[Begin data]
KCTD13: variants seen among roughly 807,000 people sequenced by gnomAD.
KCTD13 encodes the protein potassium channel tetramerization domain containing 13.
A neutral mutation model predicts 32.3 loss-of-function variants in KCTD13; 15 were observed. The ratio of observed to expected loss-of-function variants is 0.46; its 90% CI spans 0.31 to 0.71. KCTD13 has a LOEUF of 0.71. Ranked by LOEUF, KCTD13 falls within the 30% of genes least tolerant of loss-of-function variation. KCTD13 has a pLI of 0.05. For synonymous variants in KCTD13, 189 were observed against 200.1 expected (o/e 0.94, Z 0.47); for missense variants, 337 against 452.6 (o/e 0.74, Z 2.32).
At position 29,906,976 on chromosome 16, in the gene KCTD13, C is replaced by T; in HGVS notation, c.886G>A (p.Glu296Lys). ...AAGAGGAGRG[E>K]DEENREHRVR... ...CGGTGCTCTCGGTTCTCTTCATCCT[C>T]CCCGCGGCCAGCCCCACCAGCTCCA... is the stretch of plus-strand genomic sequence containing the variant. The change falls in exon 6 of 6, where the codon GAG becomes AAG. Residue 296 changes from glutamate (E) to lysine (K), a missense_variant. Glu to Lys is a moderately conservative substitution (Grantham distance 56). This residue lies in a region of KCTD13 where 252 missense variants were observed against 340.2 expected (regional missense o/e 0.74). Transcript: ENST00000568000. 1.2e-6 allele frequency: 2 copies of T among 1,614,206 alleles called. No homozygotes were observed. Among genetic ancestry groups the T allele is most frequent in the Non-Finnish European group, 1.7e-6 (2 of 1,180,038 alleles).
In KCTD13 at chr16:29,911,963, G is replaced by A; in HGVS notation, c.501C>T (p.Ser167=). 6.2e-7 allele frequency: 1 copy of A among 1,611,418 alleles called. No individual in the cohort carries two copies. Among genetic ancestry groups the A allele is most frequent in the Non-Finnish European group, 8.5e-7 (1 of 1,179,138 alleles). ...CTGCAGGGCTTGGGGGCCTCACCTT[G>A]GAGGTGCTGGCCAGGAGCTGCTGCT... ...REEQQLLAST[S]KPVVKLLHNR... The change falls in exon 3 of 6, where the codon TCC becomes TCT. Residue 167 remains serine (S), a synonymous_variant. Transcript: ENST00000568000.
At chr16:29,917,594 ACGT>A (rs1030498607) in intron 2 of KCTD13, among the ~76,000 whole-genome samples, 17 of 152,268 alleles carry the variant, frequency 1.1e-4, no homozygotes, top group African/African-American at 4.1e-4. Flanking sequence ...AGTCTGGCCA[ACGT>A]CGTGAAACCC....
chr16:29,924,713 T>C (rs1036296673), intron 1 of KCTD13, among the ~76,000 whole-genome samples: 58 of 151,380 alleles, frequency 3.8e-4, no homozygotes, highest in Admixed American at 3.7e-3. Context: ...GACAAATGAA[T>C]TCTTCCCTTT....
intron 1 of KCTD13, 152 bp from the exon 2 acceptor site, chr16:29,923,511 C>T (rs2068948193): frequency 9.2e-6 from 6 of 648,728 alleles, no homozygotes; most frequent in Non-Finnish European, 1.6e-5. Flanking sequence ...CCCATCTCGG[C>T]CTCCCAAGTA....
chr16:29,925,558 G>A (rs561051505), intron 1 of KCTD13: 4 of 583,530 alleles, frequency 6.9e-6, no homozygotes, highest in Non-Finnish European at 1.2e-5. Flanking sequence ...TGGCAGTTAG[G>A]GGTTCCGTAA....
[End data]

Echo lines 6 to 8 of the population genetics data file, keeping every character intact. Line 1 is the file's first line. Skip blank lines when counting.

At chr16:29,917,594 ACGT>A (rs1030498607) in intron 2 of KCTD13, among the ~76,000 whole-genome samples, 17 of 152,268 alleles carry the variant, frequency 1.1e-4, no homozygotes, top group African/African-American at 4.1e-4. Flanking sequence ...AGTCTGGCCA[ACGT>A]CGTGAAACCC....
chr16:29,924,713 T>C (rs1036296673), intron 1 of KCTD13, among the ~76,000 whole-genome samples: 58 of 151,380 alleles, frequency 3.8e-4, no homozygotes, highest in Admixed American at 3.7e-3. Context: ...GACAAATGAA[T>C]TCTTCCCTTT....
intron 1 of KCTD13, 152 bp from the exon 2 acceptor site, chr16:29,923,511 C>T (rs2068948193): frequency 9.2e-6 from 6 of 648,728 alleles, no homozygotes; most frequent in Non-Finnish European, 1.6e-5. Flanking sequence ...CCCATCTCGG[C>T]CTCCCAAGTA....